Scientific Publications by FDA Staff
Pain 2013 Nov;154(11):2324-34
Abuse liability measures for use in analgesic clinical trials in patients with pain: IMMPACT recommendations.
O'Connor AB, Turk DC, Dworkin RH, Katz NP, Colucci R, Haythornthwaite JA, Klein M, O'Brien C, Posner K, Rappaport BA, Reisfield G, Adams EH, Balster RL, Bigelow GE, Burke LB, Comer SD, Cone E, Cowan P, Denisco RA, Farrar JT, Foltin RW, Haddox JD, Hertz S, Jay GW, Junor R, Kopecky EA, Leiderman DB, McDermott MP, Palmer PP, Raja SN, Rauschkolb C, Rowbotham MC, Sampaio C, Setnik B, Smith SM, Sokolowska M, Stauffer JW, Walsh SL, Zacny JP
Assessing and mitigating the abuse liability (AL) of analgesics is an urgent clinical and societal problem. Analgesics have traditionally been assessed in randomized clinical trials (RCTs) designed to demonstrate analgesic efficacy relative to placebo or an active comparator. In these trials, rigorous, prospectively designed assessment for AL is generally not performed. The Initiative on Methods, Measurement, and Pain Assessment in Clinical Trials (IMMPACT) convened a consensus meeting to review the available evidence and discuss methods for improving the assessment of the AL of analgesics in clinical trials in patients with pain. Recommendations for improved assessment include: (1) performing trials that include individuals with diverse risks of abuse; (2) improving the assessment of AL in clinical trials (eg, training study personnel in the principles of abuse and addiction behaviors, designing the trial to assess AL outcomes as primary or secondary outcome measures depending on the trial objectives); (3) performing standardized assessment of outcomes, including targeted observations by study personnel and using structured adverse events query forms that ask all subjects specifically for certain symptoms (such as euphoria and craving); and (4) collecting detailed information about events of potential concern (eg, unexpected urine drug testing results, loss of study medication, and dropping out of the trial). The authors also propose a research agenda for improving the assessment of AL in future trials.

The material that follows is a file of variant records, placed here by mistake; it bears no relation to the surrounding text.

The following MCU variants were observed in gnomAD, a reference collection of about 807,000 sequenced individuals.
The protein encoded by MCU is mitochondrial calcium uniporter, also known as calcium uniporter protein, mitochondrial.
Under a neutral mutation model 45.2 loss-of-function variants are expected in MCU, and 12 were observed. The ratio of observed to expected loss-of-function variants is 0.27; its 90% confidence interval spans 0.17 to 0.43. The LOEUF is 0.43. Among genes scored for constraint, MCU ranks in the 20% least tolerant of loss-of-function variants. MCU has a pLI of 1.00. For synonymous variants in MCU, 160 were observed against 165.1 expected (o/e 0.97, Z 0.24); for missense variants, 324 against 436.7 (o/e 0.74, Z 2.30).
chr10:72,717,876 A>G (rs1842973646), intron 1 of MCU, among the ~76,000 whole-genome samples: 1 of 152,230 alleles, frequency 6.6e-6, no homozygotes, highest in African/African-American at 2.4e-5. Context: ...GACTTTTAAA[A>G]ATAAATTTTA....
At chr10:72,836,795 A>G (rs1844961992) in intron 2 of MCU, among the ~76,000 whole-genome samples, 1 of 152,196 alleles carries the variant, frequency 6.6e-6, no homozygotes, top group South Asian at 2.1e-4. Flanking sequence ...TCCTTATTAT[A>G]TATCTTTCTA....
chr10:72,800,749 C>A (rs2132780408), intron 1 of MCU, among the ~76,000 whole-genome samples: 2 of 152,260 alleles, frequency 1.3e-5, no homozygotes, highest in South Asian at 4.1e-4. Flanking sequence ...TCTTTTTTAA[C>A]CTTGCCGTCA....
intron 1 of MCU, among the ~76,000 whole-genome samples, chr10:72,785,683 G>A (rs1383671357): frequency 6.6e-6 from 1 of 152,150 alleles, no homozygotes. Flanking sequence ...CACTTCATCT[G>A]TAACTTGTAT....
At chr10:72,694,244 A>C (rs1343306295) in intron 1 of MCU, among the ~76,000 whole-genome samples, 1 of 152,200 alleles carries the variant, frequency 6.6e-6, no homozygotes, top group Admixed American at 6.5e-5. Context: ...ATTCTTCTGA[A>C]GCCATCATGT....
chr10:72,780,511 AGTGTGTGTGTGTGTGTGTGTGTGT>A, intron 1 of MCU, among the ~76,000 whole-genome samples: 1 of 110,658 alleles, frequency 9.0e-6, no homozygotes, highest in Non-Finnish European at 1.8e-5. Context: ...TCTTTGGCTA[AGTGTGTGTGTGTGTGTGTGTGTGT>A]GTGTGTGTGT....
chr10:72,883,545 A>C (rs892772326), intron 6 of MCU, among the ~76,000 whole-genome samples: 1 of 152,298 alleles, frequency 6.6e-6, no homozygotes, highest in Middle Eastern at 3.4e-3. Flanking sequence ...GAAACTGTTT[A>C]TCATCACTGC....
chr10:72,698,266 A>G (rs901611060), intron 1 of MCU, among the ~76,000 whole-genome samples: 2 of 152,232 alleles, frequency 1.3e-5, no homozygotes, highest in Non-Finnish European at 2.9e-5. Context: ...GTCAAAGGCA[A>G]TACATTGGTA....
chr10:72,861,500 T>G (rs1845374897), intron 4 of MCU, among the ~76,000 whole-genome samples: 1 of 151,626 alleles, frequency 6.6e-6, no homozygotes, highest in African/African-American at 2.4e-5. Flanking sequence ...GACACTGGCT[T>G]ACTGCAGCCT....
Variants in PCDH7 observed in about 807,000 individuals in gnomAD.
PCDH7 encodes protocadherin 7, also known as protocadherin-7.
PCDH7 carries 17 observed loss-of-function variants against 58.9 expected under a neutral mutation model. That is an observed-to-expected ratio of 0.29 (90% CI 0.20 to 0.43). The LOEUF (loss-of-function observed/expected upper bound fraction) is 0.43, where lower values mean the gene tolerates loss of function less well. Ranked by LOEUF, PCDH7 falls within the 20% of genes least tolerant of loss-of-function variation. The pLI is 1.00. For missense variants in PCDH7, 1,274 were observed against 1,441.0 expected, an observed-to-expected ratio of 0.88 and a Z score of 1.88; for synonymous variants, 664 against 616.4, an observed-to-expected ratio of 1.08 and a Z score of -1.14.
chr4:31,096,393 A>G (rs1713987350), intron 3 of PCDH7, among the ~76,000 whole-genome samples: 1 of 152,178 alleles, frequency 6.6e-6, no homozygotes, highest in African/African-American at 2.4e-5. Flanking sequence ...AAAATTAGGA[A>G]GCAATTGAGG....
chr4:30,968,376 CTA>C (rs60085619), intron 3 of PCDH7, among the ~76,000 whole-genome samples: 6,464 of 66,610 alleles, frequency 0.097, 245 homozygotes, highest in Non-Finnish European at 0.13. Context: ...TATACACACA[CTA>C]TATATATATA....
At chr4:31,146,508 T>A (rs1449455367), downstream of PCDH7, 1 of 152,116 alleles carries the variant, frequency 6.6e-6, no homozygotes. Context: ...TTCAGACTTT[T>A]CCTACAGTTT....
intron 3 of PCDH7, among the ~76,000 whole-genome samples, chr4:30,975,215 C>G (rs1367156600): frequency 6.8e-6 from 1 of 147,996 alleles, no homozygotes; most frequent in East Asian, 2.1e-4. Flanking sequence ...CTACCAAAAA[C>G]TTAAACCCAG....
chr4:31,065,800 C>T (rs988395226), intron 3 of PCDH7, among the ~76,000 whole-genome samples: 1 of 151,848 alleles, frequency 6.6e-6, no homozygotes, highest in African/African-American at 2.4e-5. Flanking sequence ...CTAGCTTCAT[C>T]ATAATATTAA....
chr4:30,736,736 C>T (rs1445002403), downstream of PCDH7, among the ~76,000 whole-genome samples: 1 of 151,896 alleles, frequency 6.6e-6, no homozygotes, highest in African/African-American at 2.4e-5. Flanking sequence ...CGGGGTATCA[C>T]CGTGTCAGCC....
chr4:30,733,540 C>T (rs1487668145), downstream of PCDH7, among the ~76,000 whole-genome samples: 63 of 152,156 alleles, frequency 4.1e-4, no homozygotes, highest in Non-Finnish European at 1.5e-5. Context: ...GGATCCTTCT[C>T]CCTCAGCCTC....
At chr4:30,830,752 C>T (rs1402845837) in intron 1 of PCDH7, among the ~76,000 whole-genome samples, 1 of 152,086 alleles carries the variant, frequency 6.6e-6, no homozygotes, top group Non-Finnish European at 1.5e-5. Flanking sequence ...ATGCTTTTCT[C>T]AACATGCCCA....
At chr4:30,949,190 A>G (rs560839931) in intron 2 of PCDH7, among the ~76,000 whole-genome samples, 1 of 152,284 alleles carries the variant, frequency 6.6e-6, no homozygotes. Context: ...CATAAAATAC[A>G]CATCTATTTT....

|Category: Journal Article|
|PubMed ID: #24148704||DOI: 10.1016/j.pain.2013.06.035|
|Includes FDA Authors from Scientific Area(s): Drugs|
|Entry Created: 2013-11-18|